Private Coverage Mandate and Reimbursement
Coverage for ASD-related services shifted rapidly for children in Michigan, starting in 2012, when Michigan became the 30th state to require all state-regulated private insurance health plans to cover diagnosis and medically necessary treatments for all covered children with ASD through 18 years of age.41,42 The law requires all state-regulated health plans (for-profit, HMO, and nonprofit) to cover ASD-related services for diagnosis, evidence-based behavioral health (including ABA therapy), pharmacy, psychiatry, psychology, and therapeutic care up to a specified spending limit based on the child’s age. However, the annual dollar limits were eliminated for health plan products due to a conflict with federal law.43 While many behavioral health services associated with ASD are also used for other health conditions and are generally covered under health plans’ mental health benefit package, ABA therapy is a newly covered service for most plans. Additionally, any cost-sharing (such as copayments or deductibles) that is applied to an ASD-related service must also be applied to physical health services in general.
As a part of providing coverage, insurers can require the use and submission of an autism diagnostic observation schedule (ADOS) or other protocols for diagnosing and assessing ASD, treatment plans, and annual development evaluations. Treatment must be provided by a licensed professional for psychiatric and therapeutic care. Behavioral health treatments, such as ABA, must be provided or supervised by a board certified behavior analyst (BCBA)44 or licensed psychologist with the appropriate training. Figure 1
FIGURE 1: Benefits for Children with Autism Spectrum Disorder in Michigan
|State-regulated Insurance Plans||Medicaid and MIChild Autism Benefit|
|Effective Date||October 2012||April 2013|
|Covered Population||Birth through 18 years old||18 months old through 5 years old|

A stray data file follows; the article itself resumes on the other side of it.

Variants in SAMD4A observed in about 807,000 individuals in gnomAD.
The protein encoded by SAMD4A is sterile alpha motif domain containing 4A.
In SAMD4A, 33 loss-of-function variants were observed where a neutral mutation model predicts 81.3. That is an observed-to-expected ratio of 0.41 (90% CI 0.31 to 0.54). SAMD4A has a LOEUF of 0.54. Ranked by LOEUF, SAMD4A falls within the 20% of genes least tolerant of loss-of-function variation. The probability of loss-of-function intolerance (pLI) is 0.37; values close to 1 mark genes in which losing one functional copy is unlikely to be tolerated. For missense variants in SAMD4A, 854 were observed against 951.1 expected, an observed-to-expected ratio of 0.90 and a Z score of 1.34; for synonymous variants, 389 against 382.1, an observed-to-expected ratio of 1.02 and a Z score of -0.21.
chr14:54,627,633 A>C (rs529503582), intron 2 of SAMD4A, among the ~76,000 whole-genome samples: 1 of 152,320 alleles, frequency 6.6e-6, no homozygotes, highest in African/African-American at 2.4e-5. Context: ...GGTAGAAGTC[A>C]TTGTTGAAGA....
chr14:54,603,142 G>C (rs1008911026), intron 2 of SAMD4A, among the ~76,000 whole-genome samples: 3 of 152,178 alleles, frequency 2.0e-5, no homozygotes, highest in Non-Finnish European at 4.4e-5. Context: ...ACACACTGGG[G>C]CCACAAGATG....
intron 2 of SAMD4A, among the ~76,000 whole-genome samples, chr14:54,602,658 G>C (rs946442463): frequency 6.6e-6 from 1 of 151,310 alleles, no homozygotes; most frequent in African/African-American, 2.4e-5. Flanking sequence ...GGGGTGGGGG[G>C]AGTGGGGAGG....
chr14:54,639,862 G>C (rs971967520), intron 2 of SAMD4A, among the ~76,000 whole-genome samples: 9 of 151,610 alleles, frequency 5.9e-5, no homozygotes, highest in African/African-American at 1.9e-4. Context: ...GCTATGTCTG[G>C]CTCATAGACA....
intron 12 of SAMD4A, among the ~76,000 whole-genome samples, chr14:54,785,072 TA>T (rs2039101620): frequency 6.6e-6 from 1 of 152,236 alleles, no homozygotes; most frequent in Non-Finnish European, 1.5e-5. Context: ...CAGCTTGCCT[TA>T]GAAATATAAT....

|Requirements for coverage||Medical diagnosis of ASD by licensed physician or psychologist, and re-diagnosis every three years|
Providers much be licensed in their field (i.e., speech, occupational, physical therapies, and psychology)
ABA therapy must be provided by a Board Certified Behavior Analyst (BCBA) or licensed psychologist with specific qualifications as an ABA provider
|Medical diagnosis of ASD by a physician, child psychiatrist, fully licensed psychologist, or child mental health professional (CMHP) and validated by a physician, child psychiatrist, or fully licensed psychologist at a Pre-paid Insurance Plan (PIHP)
ABA therapy must be provided under the supervision of either:
|Covered Treatment||Evidenced-based behavioral health treatment (including ABA)|
Therapeutic care (speech, physical, and occupational therapy)
|Applied behavior analysis*|
|Limitations||Hourly or daily limits are permitted during 2014. Starting January 1, 2015, insurers will not be able to place dollar limits or non-quantitative limits (e.g., visit limits, hourly limits, or daily limits) on treatments for ASD.||Coverage ends for children when they turn 6 years of age|
* Prior to the new ABA benefit, Medicaid and MIChild programs included many services that children with ASD could access including speech therapy, physical therapy, occupational therapy, family training, and medication administration and review.
Autism Coverage Reimbursement Fund
In 2012, 63.5 percent of individuals in Michigan who had coverage through an employer were enrolled in a self-insured plan and therefore exempt from the state autism mandate.45 To encourage all health plans to cover ASD services, the Michigan Legislature established the Autism Coverage Reimbursement Fund for all health insurance carriers and for self-insured plans that have begun offering coverage for ASD to help offset the costs of offering benefits for the diagnosis and treatment of ASD.46 Michigan is the first state to establish a state fund that reimburses insurers who submit claims for providing ASD-related services. Health insurance carriers and self-funded plans access the fund by registering with the Michigan Department of Insurance and Financial Services and submitting reimbursement requests for ASD-related claims via an online system.47